June 2022
Volume 63, Issue 7
Open Access
ARVO Annual Meeting Abstract  |   June 2022
White coat adherence in primary open-angle glaucoma
Author Affiliations & Notes
  • Nouran Sabbagh
    Internal Medicine, University of Alabama at Birmingham, Birmingham, Alabama, United States
  • Shervonne Poleon
    School of Optometry, University of Alabama at Birmingham, Birmingham, Alabama, United States
  • Lyne Racette
    Ophthalmology and Visual Sciences, University of Alabama at Birmingham, Birmingham, Alabama, United States
  • Footnotes
    Commercial Relationships   Nouran Sabbagh None; Shervonne Poleon None; Lyne Racette Olleyes, Inc., Code C (Consultant/Contractor)
  • Footnotes
    Support  NIH Grant EY025756; NIH Grant EY003039; Unrestricted grant from Research to Prevent Blindness
Investigative Ophthalmology & Visual Science June 2022, Vol.63, 1648 – A0143. doi:
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      Nouran Sabbagh, Shervonne Poleon, Lyne Racette; White coat adherence in primary open-angle glaucoma. Invest. Ophthalmol. Vis. Sci. 2022;63(7):1648 – A0143.

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      © ARVO (1962-2015); The Authors (2016-present)

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Abstract

Purpose : Improved adherence to treatment in the days surrounding clinic visits is a phenomenon known as white coat adherence. White coat adherence can lead to clinical measurements that are not representative of those present outside of clinical encounters. In glaucoma, white coat adherence to prescribed hypotensive therapy may lead to artificially low intraocular pressure readings, which may impact clinical evaluation and treatment decisions. The objective of this study was to assess white coat adherence in glaucoma patients.

Methods : In this cohort study, patients with primary open-angle glaucoma were selected from an ongoing longitudinal NIH-funded study if they used hypotensive eyedrops, had a clinic visit during the parent study, and had adherence data during the 56 days evenly bracketing the clinic visit. Adherence within the implementation phase was measured using Medication Event Monitoring System (MEMS) caps. Wilcoxon tests were used to compare mean adherence between the following periods: Pre1-3 (days 1 to 3 preceding the clinic visit) and Pre4-14 (days 4 to 14 preceding the clinic visit; Post1-3 (days 1 to 3 following the clinic visit) and Post4-14 (days 4 to 14 following the clinic visit). Analyses were performed in the full sample, and in patients with optimal (≥80%, n = 48) and suboptimal adherence (<80%, n = 17).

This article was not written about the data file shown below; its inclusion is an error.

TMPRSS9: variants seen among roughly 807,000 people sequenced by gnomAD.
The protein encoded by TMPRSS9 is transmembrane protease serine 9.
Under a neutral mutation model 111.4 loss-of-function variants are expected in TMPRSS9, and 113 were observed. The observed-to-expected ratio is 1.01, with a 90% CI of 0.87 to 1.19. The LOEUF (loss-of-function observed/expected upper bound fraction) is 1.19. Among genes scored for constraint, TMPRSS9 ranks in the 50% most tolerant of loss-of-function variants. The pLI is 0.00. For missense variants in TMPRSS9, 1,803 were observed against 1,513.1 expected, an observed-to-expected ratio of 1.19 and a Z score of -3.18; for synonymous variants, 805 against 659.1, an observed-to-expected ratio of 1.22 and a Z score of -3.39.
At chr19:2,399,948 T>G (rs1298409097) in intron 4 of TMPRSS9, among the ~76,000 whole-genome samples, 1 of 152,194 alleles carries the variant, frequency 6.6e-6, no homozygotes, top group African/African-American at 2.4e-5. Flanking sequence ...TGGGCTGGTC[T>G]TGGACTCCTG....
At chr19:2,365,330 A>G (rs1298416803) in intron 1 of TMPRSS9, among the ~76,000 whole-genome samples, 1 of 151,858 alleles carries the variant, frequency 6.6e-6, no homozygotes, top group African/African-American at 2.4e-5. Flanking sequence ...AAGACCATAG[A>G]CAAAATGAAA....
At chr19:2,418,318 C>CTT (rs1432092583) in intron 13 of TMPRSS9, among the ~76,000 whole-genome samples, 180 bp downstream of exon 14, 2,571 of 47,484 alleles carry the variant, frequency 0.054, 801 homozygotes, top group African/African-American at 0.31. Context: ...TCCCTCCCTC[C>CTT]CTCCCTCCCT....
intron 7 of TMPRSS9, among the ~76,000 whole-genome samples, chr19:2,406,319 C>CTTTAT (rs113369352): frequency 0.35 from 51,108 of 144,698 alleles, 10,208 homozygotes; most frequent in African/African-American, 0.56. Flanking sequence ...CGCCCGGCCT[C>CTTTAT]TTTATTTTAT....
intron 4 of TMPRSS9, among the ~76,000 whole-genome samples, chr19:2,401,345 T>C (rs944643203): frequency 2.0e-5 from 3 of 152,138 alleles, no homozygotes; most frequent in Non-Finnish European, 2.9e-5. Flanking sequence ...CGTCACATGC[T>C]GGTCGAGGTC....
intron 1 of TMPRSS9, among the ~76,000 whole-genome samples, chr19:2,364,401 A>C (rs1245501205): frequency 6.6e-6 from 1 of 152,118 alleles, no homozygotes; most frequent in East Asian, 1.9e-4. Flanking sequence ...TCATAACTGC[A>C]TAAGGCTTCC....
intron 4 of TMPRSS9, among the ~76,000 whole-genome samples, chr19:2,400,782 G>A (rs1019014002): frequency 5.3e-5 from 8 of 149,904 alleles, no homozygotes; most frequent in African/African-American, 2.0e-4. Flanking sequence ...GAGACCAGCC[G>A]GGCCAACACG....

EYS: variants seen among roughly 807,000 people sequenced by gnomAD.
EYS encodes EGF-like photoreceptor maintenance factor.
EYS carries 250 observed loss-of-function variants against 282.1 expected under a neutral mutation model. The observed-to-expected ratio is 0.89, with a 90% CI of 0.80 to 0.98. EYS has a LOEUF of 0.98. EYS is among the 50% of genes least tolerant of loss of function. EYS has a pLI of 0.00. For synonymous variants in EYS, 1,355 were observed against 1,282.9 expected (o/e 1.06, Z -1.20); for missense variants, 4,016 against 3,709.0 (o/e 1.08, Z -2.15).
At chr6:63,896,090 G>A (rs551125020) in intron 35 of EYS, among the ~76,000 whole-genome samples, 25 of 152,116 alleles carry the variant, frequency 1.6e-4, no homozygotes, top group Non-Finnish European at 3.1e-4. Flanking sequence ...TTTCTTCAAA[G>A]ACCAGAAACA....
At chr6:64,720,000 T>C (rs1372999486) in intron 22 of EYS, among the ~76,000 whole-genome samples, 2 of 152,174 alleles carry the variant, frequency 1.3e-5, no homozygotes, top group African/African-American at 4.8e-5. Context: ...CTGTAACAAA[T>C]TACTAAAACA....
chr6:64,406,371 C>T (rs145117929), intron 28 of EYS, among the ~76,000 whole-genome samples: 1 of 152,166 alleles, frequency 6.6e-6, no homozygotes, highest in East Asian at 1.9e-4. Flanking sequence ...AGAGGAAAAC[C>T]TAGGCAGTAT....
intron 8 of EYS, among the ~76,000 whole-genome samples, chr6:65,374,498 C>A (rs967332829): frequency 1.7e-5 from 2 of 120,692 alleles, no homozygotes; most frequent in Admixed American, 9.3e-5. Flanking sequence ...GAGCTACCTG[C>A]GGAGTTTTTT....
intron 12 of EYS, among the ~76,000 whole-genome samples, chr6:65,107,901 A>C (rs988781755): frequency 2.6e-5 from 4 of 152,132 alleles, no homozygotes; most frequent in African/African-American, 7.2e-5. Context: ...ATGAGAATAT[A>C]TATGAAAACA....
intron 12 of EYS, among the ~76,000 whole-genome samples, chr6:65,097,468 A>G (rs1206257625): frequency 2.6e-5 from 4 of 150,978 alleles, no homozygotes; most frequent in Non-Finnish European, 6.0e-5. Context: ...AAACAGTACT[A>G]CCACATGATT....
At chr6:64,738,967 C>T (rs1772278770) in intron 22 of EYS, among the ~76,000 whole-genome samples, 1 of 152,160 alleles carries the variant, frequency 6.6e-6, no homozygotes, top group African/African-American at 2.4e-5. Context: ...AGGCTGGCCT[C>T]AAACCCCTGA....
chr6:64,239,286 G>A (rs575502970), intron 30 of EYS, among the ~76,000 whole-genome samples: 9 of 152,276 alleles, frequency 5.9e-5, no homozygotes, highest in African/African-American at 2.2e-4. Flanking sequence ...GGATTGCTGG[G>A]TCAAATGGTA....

Results : Sixty-five patients were included, of which 47.7% were male. Mean age was 71 ± 8 years. In the six months bracketing the clinic visit, mean adherence was 86.1% ± 17.9. Overall, mean adherence significantly increased from Pre4-14 to Pre1-3 (85.2% to 88.3%) (p = 0.04). No significant change was observed after the clinic visit. In patients with optimal adherence, mean adherence significantly increased from Pre4-14 to Pre1-3 (93.8% to 97.7%) (p = 0.01), whereas no significant change was observed in patients with suboptimal adherence.

Conclusions : Our results show the presence of white coat adherence in this cohort of patients. However, this effect was not observed in patients with suboptimal adherence. Due to its potential impact on treatment decisions, providers should remain vigilant for white coat adherence and make this a relevant topic in patient-provider discussions.

This abstract was presented at the 2022 ARVO Annual Meeting, held in Denver, CO, May 1-4, 2022, and virtually.

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